However, juicy tidbits about who is dating whom or a sales retreat that got out of hand may be more than a salacious story and something that HR wants to know about. “Ninety percent of the time rumors like this turn out to be true and we have to address them,” Porter says. She advises other HR professionals to take chatter like this seriously.
Susan Wallin, director of HR services for Boly:Welch, agrees. “When the gossip becomes a reality, we have to manage that reality,” she says. Wallin calls workplace dating a primary example of a situation that often bears toxic talk, particularly if one or both of the parties is married. Rumors about workplace theft or an executive who is acting strangely or a smelly co-worker should all be investigated by HR and treated appropriately.
Speculation about the organization should also be addressed quickly as it creates anxiety and uncertainty throughout the company, breaks down teams and could send valuable workers looking for new jobs. “I’ve dealt with a company that was bought and sold several times,” says Wallin. She reported that the snowballing rumors around the multiple sales created a toxic, unproductive atmosphere. As a balm, she suggested management be as transparent as the situation allows. “In a case like this, it’s best when information is shared from the top down.”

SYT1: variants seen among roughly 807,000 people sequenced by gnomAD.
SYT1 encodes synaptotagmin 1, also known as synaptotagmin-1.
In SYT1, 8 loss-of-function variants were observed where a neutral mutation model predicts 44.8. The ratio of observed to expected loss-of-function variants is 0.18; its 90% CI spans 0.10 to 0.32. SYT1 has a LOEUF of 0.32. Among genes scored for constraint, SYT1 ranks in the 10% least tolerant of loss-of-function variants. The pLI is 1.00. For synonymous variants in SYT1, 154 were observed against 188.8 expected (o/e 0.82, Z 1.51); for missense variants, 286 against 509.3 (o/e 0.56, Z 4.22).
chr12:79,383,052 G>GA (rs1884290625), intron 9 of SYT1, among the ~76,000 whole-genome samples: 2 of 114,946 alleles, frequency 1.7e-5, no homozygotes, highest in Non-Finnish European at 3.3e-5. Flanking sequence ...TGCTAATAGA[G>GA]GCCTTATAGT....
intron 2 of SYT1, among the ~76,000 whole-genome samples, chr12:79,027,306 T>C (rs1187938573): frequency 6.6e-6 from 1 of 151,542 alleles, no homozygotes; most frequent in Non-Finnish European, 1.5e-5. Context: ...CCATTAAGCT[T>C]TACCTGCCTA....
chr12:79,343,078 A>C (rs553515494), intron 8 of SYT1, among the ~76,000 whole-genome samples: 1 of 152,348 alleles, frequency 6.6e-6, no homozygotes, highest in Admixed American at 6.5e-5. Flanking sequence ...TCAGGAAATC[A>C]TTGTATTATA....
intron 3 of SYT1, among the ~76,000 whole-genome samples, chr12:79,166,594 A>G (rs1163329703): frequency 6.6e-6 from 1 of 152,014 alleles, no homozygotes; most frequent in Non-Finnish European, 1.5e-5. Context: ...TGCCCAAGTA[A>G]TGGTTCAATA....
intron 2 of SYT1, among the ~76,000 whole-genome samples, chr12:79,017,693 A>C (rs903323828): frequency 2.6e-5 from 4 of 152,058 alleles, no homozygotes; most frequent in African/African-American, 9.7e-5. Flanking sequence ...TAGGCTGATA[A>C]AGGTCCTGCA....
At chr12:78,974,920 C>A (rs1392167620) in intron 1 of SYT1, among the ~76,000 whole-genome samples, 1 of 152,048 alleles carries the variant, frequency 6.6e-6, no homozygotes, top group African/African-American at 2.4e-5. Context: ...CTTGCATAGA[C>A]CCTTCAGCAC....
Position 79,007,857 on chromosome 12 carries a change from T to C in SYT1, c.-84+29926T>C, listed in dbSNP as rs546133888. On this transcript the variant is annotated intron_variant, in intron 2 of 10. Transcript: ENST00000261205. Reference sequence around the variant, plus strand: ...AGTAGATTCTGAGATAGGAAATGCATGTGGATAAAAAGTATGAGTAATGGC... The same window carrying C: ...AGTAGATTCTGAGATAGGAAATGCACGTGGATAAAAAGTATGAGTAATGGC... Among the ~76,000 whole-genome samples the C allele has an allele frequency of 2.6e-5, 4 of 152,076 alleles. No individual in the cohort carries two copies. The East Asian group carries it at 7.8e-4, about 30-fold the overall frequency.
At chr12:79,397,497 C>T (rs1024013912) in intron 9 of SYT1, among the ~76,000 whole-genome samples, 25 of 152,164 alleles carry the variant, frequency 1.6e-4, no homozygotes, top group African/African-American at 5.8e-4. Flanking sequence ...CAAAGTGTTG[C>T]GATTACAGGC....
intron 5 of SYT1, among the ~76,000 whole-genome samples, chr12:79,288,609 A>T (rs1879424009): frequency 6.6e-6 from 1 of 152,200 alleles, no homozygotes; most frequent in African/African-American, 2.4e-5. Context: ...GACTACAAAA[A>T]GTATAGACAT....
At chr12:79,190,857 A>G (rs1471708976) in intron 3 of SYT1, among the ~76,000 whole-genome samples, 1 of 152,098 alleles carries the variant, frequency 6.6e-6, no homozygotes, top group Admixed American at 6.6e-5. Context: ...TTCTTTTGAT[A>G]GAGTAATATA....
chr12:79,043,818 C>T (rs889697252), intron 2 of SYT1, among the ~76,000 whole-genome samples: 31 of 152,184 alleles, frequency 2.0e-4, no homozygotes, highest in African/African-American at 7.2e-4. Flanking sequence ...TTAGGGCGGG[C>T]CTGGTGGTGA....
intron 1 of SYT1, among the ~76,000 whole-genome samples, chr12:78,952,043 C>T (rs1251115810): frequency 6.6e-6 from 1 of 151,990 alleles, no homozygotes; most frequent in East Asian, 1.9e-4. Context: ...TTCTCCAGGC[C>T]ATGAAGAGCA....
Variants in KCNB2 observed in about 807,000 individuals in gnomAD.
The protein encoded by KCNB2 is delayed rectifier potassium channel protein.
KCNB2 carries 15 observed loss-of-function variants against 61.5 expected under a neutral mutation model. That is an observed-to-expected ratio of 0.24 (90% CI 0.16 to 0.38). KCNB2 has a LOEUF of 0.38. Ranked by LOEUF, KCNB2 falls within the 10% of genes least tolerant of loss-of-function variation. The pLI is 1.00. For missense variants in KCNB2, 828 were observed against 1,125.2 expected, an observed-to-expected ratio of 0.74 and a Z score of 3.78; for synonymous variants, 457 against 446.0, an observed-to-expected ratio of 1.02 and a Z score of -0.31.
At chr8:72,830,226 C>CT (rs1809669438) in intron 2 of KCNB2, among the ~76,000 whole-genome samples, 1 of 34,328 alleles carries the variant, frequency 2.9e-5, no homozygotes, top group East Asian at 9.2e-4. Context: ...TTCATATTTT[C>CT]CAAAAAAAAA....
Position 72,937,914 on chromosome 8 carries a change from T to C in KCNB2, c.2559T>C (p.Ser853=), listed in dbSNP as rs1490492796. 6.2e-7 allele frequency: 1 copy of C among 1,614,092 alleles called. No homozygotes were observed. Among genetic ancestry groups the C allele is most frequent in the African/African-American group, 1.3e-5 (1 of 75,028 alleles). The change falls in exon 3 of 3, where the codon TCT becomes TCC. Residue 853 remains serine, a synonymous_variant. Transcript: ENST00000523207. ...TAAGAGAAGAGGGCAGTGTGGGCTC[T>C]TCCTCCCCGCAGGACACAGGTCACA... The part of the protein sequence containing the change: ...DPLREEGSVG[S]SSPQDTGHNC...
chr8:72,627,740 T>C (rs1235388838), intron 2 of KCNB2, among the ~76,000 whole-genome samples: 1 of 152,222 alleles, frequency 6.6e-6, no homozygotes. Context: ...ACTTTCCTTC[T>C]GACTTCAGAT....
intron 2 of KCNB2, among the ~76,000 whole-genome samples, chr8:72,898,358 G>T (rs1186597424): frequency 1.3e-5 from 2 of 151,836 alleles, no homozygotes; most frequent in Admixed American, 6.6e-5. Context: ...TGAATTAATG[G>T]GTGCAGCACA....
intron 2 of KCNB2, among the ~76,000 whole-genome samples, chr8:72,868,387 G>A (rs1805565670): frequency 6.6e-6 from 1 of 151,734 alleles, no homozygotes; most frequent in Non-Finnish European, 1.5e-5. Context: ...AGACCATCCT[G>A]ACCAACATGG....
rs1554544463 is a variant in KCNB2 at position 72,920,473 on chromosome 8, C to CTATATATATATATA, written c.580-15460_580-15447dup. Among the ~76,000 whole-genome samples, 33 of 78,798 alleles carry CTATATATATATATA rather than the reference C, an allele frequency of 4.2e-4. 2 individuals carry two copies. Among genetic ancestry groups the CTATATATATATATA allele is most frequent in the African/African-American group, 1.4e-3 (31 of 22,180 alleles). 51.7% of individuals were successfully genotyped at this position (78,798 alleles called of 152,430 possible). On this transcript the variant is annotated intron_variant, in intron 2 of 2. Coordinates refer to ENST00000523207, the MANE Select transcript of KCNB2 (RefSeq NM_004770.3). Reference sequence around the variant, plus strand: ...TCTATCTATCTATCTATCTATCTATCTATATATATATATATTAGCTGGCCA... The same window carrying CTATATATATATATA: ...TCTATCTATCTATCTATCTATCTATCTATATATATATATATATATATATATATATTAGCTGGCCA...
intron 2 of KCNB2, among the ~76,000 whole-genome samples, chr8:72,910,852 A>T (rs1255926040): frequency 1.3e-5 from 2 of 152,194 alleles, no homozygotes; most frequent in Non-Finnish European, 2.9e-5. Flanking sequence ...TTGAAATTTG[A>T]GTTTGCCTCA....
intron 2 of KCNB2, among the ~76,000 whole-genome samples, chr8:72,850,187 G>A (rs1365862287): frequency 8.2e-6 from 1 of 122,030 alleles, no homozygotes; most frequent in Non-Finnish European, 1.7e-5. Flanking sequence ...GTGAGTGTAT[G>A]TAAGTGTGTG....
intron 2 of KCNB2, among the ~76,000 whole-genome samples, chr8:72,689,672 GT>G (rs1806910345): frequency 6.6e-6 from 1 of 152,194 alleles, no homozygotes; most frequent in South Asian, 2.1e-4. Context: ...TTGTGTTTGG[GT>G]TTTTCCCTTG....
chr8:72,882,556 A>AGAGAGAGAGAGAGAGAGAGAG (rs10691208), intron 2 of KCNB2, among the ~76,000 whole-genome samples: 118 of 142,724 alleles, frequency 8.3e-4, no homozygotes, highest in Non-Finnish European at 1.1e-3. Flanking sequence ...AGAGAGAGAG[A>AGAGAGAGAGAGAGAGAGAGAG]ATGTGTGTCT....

Destructive and time consuming, gossip also makes the gossipers look bad in the eyes of their co-workers. It would seem that gossip is a lose/lose proposition. However, new work by evolutionary physiologist Robin Dunbar finds that loose talk may have a positive side.
Research documented in a November 2014 article in The Atlantic by Julie Beck finds that gossip is “a way to learn about cultural norms, bond with others, promote cooperation, and even, as one recent study found, allow individuals to gauge their own success and social standing.” As an example, the article cites a 1985 study in the Journal of Applied Communication Research in which gossip was shown to “help recent hires adjust to their new jobs, by filling them in on things like office expectations and what they shouldn’t say to the boss.” In the piece, Dunbar goes so far as to say, “Gossip is what makes human society as we know it possible.”
Gossip in the workplace is not going away anytime soon, and that’s okay. We need to talk to our co-workers to know where we stand, how to act and if we are being treated fairly. But when the talk turns nasty, it’s time to walk away and say nothing at all.
Cynicism about other people may have a negative effect on income, according to new research published in the Journal of Personality and Social Psychology. Although it has long been associated with poor mental and physical health, the latest findings establish a link between cynicism and the amount of money a person makes. Cynical individuals are more likely to avoid collaboration and trust in favor of monitoring and control, the study’s authors say. “As a result, they are less likely to reap the benefits of joint efforts. We show cynical beliefs at baseline undermined an income increase in the course of the following nine years.”